Let's assume that instead of having four VPN sites 110, the enterprise has n (n>2) VPN sites 110, with full mesh connections between the sites. Let's also assume that for each site, the enterprise has multiple policies (such as an encrypted, clear and drop policy for protocol pairs).
  • [0060]
    If IPSec is operated between each PEP 170, and IKE is used for authentication of the nodes and encryption of the traffic, then the total number of tunnels between the sites 110 is calculated with binomial coefficients:
    (n2)=n!/(2!(n−2)!)=((n−1)×n)/2
  • [0061]
    And the total number of IPSec SAs for those tunnels would be:
    2×(n2)=(n−1)×n
  • [0062]
    The consequence of this large number is that network management, as well as network performance, becomes quite a challenge, especially if each site has multiple subnets to protect. The PEPs 170 must provide encryption at wire speed, therefore operating with high throughput and low latency capabilities.
  • [0063]
    Furthermore, IPSec using IKE for key generation can only operate between two endpoints. In other words, IKE is a connection-oriented protocol between two endpoints. IKE phase I provides authentication and a secure channel between the two endpoints and IKE phase II negotiates the IPSec SAs between the two endpoints.
  • [0064]
    Therefore, using IPSec with IKE for key generation does not allow the network design to be redundant and load-balanced. In other words, IKE cannot be used between four PEPs at the same time, if the traffic is load-balanced or redundant between each pair of PEPs, as illustrated in FIG. 3.
  • [0065]
    One way to encrypt traffic between two networks, network A and network B using IPSec ESP, as in FIG. 3, would be to establish two IPSec SAs that can be used between each pair of PEPs 170. The same security policies and encryption keys would be used between each pair of PEPs 170.
  • [0066]
    This can lead to the solution provided in FIG. 4, where security policies and encryption keys overlay the data plane for the encryption. In other words, the management and control plane 202 does not coexist with the data plane 204. One layer provides the security policies that can be viewed as the management plane and another layer provides the encryption keys that can be viewed as the control plane. Encryption keys are generated according to the security policies.
  • [0067]
    In the illustrated architecture, the device providing the security policy is called a Management Authority Point (MAP) 200, whereas the device providing the encryption keys is called a Key Authority Point (KAP) 210.
  • [0068]
    The MAP 200 interfaces to the KAP 210, which interfaces itself to the PEPs 170.
  • [0069]
    The KAP 210 can be redundant. All policies and keys shall be securely stored and distributed. Policies for re-key should be enabled, and each node (MAP, KAP and PEP) should be securely authenticated and authorized to accomplish its function.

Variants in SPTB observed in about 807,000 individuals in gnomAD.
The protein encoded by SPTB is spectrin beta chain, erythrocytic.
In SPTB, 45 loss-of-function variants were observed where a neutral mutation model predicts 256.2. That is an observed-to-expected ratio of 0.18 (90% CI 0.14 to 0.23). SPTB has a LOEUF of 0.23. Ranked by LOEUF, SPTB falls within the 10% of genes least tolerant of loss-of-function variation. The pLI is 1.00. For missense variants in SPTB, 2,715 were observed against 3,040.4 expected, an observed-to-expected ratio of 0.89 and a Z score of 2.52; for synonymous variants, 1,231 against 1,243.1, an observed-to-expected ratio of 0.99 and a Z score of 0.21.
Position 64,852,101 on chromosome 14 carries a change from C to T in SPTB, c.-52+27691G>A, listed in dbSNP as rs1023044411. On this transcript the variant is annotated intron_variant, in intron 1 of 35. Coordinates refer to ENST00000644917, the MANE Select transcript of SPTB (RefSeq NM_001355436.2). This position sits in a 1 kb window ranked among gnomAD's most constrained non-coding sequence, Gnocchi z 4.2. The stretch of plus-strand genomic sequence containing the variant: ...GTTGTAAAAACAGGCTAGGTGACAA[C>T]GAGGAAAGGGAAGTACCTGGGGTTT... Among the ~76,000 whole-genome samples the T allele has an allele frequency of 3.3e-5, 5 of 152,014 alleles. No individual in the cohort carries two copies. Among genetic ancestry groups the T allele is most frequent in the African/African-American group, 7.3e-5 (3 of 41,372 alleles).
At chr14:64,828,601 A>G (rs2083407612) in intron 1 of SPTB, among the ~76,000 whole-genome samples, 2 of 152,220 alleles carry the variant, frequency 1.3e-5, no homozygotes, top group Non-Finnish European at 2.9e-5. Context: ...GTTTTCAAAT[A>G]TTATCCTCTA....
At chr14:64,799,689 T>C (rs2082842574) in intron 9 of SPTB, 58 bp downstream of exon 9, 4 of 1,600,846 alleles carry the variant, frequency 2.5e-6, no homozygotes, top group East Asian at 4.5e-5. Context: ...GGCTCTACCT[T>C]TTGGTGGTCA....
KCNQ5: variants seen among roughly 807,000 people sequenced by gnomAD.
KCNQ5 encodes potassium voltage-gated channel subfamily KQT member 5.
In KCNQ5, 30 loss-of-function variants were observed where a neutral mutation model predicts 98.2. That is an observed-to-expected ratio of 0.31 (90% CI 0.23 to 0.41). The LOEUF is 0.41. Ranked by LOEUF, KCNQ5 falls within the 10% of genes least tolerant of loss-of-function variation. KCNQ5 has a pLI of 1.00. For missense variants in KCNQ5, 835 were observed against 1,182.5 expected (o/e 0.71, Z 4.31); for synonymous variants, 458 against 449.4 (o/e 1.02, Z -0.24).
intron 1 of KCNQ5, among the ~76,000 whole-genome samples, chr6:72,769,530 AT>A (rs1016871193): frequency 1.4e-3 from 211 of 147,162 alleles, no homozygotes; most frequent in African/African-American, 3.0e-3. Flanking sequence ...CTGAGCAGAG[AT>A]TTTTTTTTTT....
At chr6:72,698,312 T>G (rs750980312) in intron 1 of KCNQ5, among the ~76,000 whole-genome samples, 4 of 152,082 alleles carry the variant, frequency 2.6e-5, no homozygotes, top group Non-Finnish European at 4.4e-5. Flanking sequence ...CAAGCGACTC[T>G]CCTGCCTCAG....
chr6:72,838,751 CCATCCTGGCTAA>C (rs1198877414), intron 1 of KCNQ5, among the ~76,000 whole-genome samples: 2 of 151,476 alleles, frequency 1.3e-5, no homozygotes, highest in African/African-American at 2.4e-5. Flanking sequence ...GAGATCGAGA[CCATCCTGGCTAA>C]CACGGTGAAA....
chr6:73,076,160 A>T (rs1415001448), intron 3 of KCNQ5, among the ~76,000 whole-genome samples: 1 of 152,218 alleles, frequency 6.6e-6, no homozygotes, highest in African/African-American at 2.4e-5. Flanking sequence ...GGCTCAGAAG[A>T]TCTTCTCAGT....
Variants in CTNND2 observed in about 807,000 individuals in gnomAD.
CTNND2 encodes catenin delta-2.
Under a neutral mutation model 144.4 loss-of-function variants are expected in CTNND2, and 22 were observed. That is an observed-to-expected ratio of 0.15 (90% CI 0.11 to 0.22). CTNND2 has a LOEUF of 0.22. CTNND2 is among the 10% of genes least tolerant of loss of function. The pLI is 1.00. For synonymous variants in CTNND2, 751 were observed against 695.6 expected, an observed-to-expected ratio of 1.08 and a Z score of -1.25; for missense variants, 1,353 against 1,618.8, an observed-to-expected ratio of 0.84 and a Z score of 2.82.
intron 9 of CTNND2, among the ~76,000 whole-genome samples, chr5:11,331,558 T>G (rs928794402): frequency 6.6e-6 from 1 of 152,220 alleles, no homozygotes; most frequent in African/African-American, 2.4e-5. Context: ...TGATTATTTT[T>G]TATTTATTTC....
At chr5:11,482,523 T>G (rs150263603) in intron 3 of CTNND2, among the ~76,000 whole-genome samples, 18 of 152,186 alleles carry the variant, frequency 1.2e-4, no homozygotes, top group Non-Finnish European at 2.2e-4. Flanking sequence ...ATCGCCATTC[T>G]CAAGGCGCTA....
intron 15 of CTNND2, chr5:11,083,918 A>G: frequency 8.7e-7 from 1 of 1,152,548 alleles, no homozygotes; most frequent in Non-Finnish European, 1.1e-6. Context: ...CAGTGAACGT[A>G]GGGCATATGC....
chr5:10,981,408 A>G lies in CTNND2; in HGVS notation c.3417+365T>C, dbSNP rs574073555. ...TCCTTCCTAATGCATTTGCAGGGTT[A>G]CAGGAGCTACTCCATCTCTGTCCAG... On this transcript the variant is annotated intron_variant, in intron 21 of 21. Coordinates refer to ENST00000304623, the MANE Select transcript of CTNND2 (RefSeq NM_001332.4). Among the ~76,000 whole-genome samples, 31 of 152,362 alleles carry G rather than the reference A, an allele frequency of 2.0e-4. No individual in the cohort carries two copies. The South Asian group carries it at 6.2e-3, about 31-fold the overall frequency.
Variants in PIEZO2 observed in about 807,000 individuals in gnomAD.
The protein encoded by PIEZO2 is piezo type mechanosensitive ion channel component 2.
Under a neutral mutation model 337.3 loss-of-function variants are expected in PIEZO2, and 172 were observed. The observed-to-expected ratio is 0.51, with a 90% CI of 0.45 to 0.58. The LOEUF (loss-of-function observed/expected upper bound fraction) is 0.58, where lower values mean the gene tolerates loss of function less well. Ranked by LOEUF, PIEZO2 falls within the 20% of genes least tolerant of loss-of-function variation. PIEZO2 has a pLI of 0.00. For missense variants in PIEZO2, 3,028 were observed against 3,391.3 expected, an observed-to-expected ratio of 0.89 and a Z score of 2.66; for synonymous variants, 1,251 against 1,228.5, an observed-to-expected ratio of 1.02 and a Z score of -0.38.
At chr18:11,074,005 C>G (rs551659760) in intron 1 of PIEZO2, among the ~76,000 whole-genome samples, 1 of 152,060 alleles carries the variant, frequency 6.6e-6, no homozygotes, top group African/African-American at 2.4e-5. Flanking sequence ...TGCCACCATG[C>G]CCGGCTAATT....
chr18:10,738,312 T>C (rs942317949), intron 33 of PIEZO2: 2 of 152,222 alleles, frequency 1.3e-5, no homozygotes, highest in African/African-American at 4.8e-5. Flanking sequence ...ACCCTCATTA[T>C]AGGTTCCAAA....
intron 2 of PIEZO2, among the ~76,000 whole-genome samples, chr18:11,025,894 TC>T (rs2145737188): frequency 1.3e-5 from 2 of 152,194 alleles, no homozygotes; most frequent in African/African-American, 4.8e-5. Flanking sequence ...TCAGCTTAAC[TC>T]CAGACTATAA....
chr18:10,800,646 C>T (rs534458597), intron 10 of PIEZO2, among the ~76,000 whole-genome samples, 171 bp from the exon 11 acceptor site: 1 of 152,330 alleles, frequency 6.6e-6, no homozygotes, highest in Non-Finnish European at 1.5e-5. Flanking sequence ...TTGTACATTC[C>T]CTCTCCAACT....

• [0070]
    Applying the concepts developed in FIG. 4 leads to FIG. 5, which describes a preferred implementation of key exchanges between multiple PEPs 170.
  • [0071]
    In FIG. 5, the primary PEP 170-1 located at the Menlo Park VPN site 110-1, will receive its outbound encryption key “k1” from the KAP 210. The KAP 210 itself would generate k1. The Menlo Park PEP 170-1 uses that key to encrypt its traffic. That key is also used by the PEPs (170-2, 170-3, 170-4) located at other sites 110 as inbound keys for traffic coming from the Menlo Park PEP 170-1. The KAP 210 thus also distributes k1 to the PEPs (170-2, 170-3, 170-4) located at the San Francisco, New York and Raleigh sites (110-2, 110-3, 110-4, respectively).
  • [0072]
    When a redundant or secondary PEP 170-1-r is used at the Menlo Park site 110-1, the same security policy and encryption keys will apply both to the primary PEP 170-1 and secondary PEP 170-1-r.
  • [0073]
    Applying the concepts of FIG. 5, with the resiliency scenarios defined in FIG. 2 to the use case provided in FIG. 1, gives an overall solution as illustrated in FIG. 6.
  • [0074]
    For example, the MAP 200 and KAP 210 are located in the San Francisco site 110-2 and provide policy and key generation and distribution for the four sites. Each site (110-1, 110-2, 110-3, 110-4) has a redundant PEP (120-1-r, 120-2-r, 120-3-r, 120-4-r). For each subnet per site, the MAP 200 needs to create four sets of policies and keys, and four mesh encryption tunnels.
  • [0075]
    Encryption of each site's VPN traffic at a PEP 120 is tunneled into the MPLS tunnel. IPSec tunnels are tunneled into MPLS tunnels giving the following packet frame:
      • MPLS VPN label (unmodified IP header IPSec (IP header and payload)).
  • [0077]
    The initial IP header is maintained and in the clear as the packet IP address. The entire initial packet including both its header and its payload coming from the CE 160 is encrypted using IPSec tunnel mode. VPN routes communicated by the CE 160 to the PE 180 are in the clear.
  • [0078]
    Generalizing now our solution to a number of n sites, the total number of tunnels is reduced:
    (n n−1)=n!/((n−1)!(n−n+1)!)=n
  • [0079]
    And the total number of SAs is:
    2×(n n−1)=2n,
    reducing the number of SAs by a factor of: 2/(n−1).